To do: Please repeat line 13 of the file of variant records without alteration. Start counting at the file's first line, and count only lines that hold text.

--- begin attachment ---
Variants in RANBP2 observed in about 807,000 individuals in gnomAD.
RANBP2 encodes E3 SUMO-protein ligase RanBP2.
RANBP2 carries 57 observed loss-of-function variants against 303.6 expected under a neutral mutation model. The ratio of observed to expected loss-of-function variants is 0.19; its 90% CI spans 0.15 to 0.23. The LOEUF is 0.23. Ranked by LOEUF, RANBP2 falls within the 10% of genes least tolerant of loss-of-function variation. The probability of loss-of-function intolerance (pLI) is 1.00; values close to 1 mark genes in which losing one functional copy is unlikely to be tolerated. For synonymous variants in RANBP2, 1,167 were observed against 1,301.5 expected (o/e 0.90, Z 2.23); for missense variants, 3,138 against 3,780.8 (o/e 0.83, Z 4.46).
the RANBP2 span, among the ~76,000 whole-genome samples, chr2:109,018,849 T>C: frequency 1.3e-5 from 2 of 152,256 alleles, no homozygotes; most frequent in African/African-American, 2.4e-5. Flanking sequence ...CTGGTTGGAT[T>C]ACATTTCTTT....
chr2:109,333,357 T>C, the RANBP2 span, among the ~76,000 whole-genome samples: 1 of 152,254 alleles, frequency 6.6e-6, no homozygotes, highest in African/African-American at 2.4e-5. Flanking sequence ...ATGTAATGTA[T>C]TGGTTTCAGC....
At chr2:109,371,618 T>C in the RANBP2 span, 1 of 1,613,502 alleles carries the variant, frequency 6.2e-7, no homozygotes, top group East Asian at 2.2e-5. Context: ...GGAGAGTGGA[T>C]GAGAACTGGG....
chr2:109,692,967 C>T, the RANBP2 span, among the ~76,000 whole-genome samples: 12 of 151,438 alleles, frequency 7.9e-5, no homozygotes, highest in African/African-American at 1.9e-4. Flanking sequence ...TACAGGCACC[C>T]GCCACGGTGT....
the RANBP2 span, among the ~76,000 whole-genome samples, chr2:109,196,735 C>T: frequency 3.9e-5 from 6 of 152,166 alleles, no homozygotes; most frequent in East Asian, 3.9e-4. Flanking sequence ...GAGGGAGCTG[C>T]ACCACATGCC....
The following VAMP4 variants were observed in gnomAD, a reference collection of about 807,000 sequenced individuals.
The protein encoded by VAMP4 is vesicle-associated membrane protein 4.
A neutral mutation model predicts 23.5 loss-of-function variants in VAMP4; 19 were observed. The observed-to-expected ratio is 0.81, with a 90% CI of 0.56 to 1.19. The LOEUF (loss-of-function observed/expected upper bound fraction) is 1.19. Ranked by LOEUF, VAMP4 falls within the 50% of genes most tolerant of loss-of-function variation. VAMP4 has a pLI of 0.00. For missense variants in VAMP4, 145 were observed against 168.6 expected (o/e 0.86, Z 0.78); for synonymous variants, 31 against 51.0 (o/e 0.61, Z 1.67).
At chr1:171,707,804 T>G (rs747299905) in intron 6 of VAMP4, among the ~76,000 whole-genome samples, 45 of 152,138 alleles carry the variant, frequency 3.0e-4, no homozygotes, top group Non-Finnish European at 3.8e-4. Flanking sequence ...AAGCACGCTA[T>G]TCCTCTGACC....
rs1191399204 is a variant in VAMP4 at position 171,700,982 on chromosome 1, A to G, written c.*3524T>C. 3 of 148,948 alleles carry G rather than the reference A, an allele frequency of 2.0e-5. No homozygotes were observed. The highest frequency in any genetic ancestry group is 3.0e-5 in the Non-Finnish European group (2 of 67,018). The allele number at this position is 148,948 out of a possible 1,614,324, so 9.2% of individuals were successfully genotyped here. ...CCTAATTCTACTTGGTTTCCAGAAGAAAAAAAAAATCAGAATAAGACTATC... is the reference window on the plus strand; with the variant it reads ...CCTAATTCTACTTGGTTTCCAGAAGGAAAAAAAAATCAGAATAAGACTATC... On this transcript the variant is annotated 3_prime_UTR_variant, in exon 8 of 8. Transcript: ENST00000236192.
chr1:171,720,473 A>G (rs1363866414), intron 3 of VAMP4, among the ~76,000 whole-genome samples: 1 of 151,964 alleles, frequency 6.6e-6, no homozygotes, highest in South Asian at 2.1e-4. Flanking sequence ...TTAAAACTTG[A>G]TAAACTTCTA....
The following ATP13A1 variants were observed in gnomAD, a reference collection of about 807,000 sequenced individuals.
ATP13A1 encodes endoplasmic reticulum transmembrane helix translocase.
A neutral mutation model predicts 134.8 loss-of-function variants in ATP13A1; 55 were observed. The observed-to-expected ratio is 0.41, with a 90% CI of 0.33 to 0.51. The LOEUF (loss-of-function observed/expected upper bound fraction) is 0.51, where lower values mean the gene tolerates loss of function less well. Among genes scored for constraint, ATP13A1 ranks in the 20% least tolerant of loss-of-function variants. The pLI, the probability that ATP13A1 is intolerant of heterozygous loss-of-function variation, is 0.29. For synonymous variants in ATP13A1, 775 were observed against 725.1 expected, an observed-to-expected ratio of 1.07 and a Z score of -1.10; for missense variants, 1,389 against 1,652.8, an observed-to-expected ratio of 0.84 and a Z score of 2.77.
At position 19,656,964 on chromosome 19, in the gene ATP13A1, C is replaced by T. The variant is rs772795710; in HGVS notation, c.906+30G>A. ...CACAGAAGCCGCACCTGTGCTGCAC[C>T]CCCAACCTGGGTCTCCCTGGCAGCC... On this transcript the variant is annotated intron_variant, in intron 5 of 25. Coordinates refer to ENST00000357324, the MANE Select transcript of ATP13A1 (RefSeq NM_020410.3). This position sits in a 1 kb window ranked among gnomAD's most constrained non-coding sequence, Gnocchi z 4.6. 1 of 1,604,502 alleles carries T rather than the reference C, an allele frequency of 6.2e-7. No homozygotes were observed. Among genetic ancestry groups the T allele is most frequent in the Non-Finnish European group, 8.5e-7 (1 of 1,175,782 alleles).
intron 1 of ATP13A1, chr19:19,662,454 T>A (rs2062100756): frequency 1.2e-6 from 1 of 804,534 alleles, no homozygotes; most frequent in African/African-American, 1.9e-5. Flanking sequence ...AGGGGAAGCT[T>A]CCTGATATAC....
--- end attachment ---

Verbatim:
rs1191399204 is a variant in VAMP4 at position 171,700,982 on chromosome 1, A to G, written c.*3524T>C. 3 of 148,948 alleles carry G rather than the reference A, an allele frequency of 2.0e-5. No homozygotes were observed. The highest frequency in any genetic ancestry group is 3.0e-5 in the Non-Finnish European group (2 of 67,018). The allele number at this position is 148,948 out of a possible 1,614,324, so 9.2% of individuals were successfully genotyped here. ...CCTAATTCTACTTGGTTTCCAGAAGAAAAAAAAAATCAGAATAAGACTATC... is the reference window on the plus strand; with the variant it reads ...CCTAATTCTACTTGGTTTCCAGAAGGAAAAAAAAATCAGAATAAGACTATC... On this transcript the variant is annotated 3_prime_UTR_variant, in exon 8 of 8. Transcript: ENST00000236192.